Mutations in the allosteric domain of PBP2a are thought to confer low-level ceftaroline resistance by gating the active site channel [19]. In some cases, genotypic analysis revealed mutation within mecA, but the strain, nevertheless, displayed susceptibility to ceftaroline [8]. An important consideration is that proper transcriptional expression of mecA, together with PBP2a’s posttranslational export, maturation, and positioning, are crucial steps that govern PBP2a function. Whereas the transcriptional regulation of mecA is clearly multifactorial [4], only recently have reports highlighted the importance of additional factors such as PrsA that affect PBP2a maturation [33, 34]. Taken in this light, the presence of certain mutations within the PBP2a allosteric domain may not evoke resistance because of expression constraints. Alternatively, some strains showing a ceftaroline MIC of 2 μg/ml show wild-type PBP2a sequence, raising the possibility that additional factors can influence ceftaroline susceptibility. Notably, mutations in clpX, stp1, and prsA, as well as the pbp4 promoter, appear to be associated with ceftaroline resistance [24, 34]. Further genetic studies must identify genes implicated in ceftaroline resistance and define how particularly allosteric domain mutations differentially impact the expression of ceftaroline resistance.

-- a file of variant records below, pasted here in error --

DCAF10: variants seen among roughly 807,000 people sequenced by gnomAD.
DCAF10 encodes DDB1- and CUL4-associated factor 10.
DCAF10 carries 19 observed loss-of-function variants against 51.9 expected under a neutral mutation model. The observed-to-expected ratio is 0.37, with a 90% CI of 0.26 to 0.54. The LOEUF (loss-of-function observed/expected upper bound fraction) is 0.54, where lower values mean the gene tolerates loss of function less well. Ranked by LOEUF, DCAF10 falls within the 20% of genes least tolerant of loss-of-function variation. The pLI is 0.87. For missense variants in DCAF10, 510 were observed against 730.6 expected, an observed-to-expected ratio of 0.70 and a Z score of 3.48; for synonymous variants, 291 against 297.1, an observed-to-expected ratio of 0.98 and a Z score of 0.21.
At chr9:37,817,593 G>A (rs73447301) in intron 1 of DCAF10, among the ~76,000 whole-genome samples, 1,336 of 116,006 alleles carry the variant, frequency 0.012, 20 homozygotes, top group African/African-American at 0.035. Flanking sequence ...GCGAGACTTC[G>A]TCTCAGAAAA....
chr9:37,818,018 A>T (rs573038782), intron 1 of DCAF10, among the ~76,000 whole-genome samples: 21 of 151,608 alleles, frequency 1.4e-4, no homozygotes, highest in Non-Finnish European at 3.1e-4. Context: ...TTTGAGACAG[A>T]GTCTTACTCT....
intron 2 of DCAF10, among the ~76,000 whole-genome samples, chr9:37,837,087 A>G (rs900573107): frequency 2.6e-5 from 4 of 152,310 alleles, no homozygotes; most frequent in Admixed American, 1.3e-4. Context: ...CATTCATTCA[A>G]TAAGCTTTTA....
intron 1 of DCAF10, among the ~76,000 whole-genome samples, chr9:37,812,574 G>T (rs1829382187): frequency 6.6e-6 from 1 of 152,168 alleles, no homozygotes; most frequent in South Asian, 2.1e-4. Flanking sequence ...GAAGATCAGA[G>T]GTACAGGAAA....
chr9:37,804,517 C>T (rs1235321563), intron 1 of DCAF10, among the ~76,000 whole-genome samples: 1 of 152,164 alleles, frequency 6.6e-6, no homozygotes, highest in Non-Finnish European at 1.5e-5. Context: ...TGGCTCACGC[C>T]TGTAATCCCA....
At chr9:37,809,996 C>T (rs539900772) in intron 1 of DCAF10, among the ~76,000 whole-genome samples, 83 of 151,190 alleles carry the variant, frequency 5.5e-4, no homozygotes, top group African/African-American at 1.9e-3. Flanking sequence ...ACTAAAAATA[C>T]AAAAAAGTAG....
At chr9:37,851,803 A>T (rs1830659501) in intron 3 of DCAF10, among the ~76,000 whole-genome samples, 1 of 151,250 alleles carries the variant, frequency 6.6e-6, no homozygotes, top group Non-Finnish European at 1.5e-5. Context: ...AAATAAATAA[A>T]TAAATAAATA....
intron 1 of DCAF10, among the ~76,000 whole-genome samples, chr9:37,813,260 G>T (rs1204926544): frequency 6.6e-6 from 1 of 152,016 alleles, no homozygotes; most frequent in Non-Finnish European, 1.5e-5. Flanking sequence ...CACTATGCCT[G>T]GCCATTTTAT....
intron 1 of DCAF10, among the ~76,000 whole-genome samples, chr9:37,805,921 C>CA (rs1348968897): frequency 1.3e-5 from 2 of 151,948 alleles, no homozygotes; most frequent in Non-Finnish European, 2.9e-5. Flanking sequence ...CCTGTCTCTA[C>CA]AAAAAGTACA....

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Acknowledgments

The authors thank Pierre Vaudaux for his critical comments.

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Correspondence to A. Renzoni.

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This work was supported by an AstraZeneca investigator-initiated grant (no. 2793), the Fondation Privée des HUG (AR-S27), the Swiss National Science Foundation grants (AR 310030-149762, WLK 10030-146540, PF 31003A-153474/1), and a Novartis Foundation grant (no. 15A040). SH received support from the Innovative Medicines Initiative Joint Undertaking under the Combatting Bacterial Resistance in Europe (COMBACTE) grant agreement no. 115523, resources of which are composed of financial contribution from the EU’s Seventh Framework Programme (FP7/2007–2013) and the European Federation of Pharmaceutical Industries and Associations (EFPIA) companies’ in-kind contribution. The funders had no role in the study design, data collection, interpretation, or the decision to submit the work for publication.

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Andrey, D.O., François, P., Manzano, C. et al. Antimicrobial activity of ceftaroline against methicillin-resistant Staphylococcus aureus (MRSA) isolates collected in 2013–2014 at the Geneva University Hospitals. Eur J Clin Microbiol Infect Dis 36, 343–350 (2017). https://doi.org/10.1007/s10096-016-2807-5

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Keywords

  • Minimum Inhibitory Concentration
  • Bloodstream Infection
  • Daptomycin
  • Ceftaroline
  • EUCAST